Quote:Very Nice! Hope to see some planet pics soon.I am finishing a 128mm F5.5 project and painting that darned tube is turning out to be the hardest thing. I may eventually do a wrap (work smarter not harder) like you did. It looks great.
Quote:So sorry about the dec encoder. Is that a CG5? I have had good luck with the AVX I bought this Spring but should I worry about encoder issues? They are probably the same motor/encoder.
Clear Skies, Forever! The Vega Sky Center 254mm F/5.65 Homebuilt Fork Mounted Newtonian Reflector 152mm F/10 Jaegers Homebuilt Refractor 127mm F/9.4 SS Homebuilt Refractor 100mm F/13 Carton Homebuilt Refractor 114mm F/8 Tasco 11te-5 Newtonian (under restoration) 60mm F/16.7 Tasco 7te-5 Refractor 60mm F/15 Jason Discoverer 313 Refractor http://www.vega-sky-center.com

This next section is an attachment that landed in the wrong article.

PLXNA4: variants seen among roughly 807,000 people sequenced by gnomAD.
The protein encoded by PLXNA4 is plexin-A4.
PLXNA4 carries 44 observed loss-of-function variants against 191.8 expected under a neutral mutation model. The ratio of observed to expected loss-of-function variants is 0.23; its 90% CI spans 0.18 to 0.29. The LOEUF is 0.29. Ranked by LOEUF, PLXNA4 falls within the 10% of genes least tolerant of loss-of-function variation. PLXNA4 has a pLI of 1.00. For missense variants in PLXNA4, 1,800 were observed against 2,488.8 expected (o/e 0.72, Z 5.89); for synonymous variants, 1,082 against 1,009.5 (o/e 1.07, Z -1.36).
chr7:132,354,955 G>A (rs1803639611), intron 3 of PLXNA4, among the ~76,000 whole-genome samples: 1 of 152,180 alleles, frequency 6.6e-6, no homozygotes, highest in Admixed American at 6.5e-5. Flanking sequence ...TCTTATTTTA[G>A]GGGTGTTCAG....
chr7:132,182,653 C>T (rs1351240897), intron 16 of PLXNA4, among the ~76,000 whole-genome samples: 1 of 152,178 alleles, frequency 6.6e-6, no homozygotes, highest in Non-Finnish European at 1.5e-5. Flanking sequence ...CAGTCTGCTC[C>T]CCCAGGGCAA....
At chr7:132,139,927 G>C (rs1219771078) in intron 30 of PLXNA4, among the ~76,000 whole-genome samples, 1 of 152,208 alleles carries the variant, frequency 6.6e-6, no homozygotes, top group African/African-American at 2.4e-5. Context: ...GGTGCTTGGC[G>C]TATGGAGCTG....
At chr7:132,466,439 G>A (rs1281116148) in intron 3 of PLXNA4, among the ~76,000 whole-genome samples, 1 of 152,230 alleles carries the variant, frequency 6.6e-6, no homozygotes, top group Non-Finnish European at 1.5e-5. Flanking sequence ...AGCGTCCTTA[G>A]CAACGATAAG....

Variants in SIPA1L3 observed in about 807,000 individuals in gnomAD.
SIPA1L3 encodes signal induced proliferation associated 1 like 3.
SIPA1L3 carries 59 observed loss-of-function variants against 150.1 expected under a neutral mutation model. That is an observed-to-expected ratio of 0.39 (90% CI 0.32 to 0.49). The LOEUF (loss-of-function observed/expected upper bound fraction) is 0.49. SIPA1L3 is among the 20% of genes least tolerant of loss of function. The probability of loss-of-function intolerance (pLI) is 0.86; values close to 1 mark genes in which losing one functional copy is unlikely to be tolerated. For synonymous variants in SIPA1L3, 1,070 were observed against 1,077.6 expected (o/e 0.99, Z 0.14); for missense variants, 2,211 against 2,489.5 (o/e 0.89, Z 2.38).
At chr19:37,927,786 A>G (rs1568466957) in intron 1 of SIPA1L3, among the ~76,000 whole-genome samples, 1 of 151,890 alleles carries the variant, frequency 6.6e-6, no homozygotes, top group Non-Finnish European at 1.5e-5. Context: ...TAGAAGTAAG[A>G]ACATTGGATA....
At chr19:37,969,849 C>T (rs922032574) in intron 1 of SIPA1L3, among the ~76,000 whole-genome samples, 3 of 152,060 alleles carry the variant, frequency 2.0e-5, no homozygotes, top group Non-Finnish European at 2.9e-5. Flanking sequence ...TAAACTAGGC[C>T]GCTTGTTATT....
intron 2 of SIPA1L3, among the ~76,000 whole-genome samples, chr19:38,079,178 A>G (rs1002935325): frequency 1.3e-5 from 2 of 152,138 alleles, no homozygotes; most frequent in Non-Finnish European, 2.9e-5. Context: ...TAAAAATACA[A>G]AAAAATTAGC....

Quote:Congratulations on the completion of your Jaegers 103/1545, Bob! Very impressive with its carbon fiber tube. You should be very proud of this auspicious accomplishment. I have one to build myself. It is going to be interesting to compare it to the Carton 100/1300 I previously built.Sorry to read about the ills of your EQ. I hope you can get it operational as soon as possible. In the interim, I wish you a successful First Light session. Look forward to reading your report.Mel
Quote:The tube is not carbon fiber. It's plain old 6063 aluminum. I didn't feel like doing all the sanding, filling, sanding again, etc., etc. steps to get a good looking tube.So I went with the vinyl wrap. Because the tube is longer than the stock width of the wrap, I had to go with a really large piece and cut it down. I went with 3M Gloss Black DI-NOC Flex Wrap.The wrapping went ok. At first I thought I was going to mess it up but it worked out eventually. You just have to make sure the edges of the piece of vinyl are square.The replacement encoder diode is on its way to me. If I can't replace the one I have and get the new one working I will order a replacement motor/encoder assembly directly from Celestron.-Bob